The Man Who Cheated Himself

1950

Crime / Drama / Film-Noir / Mystery

128
IMDb Rating 6.9 10 1,276

Synopsis


Downloaded 7,070 times
April 18, 2019

Director

Cast

Jane Wyatt as Marjorie Byrne
John Dall as Andy Cullen
Lee J. Cobb as Lt. Ed Cullen
720p.BLU 1080p.BLU
667.62 MB
1280*720
English
NR
23.976 fps
81 min
P/S N/A / N/A
1.28 GB
1920×1080
English
NR
23.976 fps
81 min
P/S N/A / N/A

Movie Reviews

Reviewed by mstomaso 6 / 10 / 10

Worthy noir entry

Lee J. Cobb and John Dall give nice performances in this medium-slow paced noir thriller. It is also nice to see a 20 year-old and lovely Lisa Howard in a supporting role as Dall's new wife (famous for her news coverage of Kennedy and Castro in the early 1960s, and her subsequent suicide/overdose at the age of 35). Contrary to popular opinion, I believe that Jane Wyatt did a fine job of playing the femme fatale. Her role is a bit different from the standard noir FF, and Wyatt is a bit strange as well. Wyatt's Lois Frazier is a rich, beautiful, seemingly naive and nervous woman suffering through an abominable marriage. Senior Police Lieutenant Cullen (Cobb) is having an affair with her. Lois' husband has just left on a suspicious business trip, when Lois discovers he has purchased a gun. She believes that her husband plans on killing her. Eventually, he returns to their house and sneaks in through a door connected to his study. His wife shoots him twice at close range in the chest. Cullen, knowing that the husband had an airline ticket for that night (his planned alibi) dumps the body off at the airport. This is the basic premise. What follows is an edgy, tense and nicely photographed story, as Cullen's younger brother (Dall) - a smart fledgling detective - begins to unravel the plot. The chase scene offers some really nice noir cinematography, and interesting sets. The soundtrack is also fairly good and the editing and directing are fine (though the edition I saw did have a few missing frames and other problems. The plot offers some interesting convolutions, but also mixes these with clichés. All considered - a good film for noir fans.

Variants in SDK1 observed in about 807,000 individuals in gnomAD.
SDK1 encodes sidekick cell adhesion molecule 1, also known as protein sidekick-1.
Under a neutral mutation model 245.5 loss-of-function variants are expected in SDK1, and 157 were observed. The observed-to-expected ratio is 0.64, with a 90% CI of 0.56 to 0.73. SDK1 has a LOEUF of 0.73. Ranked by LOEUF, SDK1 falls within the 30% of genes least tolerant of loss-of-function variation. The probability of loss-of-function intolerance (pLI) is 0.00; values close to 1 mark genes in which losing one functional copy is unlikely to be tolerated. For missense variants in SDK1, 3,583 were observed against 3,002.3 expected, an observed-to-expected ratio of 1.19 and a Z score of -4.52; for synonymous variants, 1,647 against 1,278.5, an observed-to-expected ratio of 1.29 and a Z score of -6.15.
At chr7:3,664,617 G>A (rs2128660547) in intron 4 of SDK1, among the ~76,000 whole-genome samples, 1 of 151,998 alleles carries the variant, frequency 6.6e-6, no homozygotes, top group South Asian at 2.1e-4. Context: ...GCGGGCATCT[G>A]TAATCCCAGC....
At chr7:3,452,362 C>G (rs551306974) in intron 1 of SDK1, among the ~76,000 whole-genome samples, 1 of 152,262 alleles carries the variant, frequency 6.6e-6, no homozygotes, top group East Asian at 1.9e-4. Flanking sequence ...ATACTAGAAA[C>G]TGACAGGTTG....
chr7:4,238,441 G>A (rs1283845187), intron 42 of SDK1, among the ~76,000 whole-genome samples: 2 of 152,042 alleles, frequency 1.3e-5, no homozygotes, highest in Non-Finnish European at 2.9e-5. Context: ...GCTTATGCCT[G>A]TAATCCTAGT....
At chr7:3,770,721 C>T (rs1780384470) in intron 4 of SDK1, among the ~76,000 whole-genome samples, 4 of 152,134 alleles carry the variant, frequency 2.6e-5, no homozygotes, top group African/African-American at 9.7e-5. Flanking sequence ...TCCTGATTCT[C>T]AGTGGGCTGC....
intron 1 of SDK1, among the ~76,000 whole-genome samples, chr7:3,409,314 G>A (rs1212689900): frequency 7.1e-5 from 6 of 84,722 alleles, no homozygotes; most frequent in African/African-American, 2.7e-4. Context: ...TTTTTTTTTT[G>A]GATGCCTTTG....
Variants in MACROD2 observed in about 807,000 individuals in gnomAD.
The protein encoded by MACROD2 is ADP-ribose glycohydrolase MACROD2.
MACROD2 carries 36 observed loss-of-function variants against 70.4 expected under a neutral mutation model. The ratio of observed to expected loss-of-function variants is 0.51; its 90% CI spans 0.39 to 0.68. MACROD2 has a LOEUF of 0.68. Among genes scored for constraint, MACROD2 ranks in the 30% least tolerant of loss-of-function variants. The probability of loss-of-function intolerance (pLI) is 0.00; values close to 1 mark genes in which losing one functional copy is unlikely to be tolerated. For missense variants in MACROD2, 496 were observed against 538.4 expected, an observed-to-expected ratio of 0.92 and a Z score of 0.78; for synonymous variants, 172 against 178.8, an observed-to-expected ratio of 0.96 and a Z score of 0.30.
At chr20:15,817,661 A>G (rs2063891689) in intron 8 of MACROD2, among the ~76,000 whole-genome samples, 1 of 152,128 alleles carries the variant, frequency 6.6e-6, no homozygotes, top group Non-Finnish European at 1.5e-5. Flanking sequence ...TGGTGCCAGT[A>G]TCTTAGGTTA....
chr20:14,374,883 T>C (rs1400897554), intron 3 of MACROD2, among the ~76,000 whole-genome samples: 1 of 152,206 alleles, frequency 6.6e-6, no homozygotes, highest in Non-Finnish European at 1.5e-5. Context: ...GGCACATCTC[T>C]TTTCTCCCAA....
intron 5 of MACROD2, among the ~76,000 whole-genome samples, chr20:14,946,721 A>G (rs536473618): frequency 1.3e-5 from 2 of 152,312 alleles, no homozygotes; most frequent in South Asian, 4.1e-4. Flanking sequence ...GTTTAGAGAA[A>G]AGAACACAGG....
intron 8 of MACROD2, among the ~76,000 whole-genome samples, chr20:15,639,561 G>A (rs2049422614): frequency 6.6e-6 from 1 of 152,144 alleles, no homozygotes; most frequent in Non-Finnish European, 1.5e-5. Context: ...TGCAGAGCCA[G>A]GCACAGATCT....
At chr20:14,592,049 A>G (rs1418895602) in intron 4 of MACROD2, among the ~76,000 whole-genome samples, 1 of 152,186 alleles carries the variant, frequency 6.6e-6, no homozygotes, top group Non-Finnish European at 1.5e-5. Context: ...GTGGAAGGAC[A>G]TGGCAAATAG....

Reviewed by robert-temple-1 6 / 10 / 10

San Francisco location noir thriller about compromised cop

Those who love San Francisco locations in films will get plenty of joy out of watching all these shots of how it was in 1949. It is eerily predictive of Hitchcock's later 'Vertigo', especially the Fort Point location at the foot of the Golden Gate, so near to where Kim Novak was later to stand (oh eternal moment of mystery and suspense, in the film that might have been called 'The Girl who Never Was'). It was certainly unusual for heavy-jowled and growly Lee J. Cobb to land a leading man role, but here he is, romantic even, grabbing the gal in his arms whenever the opportunity offers and slobbering his great big bear's mouth all over her pretty, pert lips like the beast that is in all of us. And she loves it, spoilt rich brat that she is. (That's part of the plot.) And so, passion triumphs, the honest cop is compromised, covers up for the hysterical beauty and all that ensues can be guessed. The DVD issue has been made from a print with lots of scratches, hiss, and missing frames, so the negative must have disappeared. But at least this 'nice little noir' remains in some form, and is eminently watchable. There are some nice lines: 'The truth can get you twenty years.' But it is a mild thriller, and its locations are its chief recommendation.

Reviewed by rdjeffers 6 / 10 / 10

Seattle International Film Festival - David Jeffers for SIFFblog.com

Sunday June 11, 1:30pm The Egyptian 'The Man Who Cheated Himself', follows the popular "bad cop noir" theme, starring Lee J. Cobb as Police Lieutenant Ed Cullin. When his lady friend Lois Frazer (Jane Wyatt), shoots her husband while the Lieutenant is 'visiting', he confronts the choice of coming clean or covering up, "I didn't know what I was doing! You know the truth!" "The truth can get you twenty years!" Cullin's kid brother Andy (John Dall) is new to homicide division and does his best to solve the crime while the Lieutenant tries to cover his tracks. "How am I doing?" " OK kid. Do any better and I'd be out of a job." The film makes use of locations in and around San Francisco including the Golden Gate Bridge, Fisherman's Wharf, Telegraph Hill and Fort Point. The complex plot twists involving the gun, its disposal, reappearance and an errant slug are particularly entertaining.

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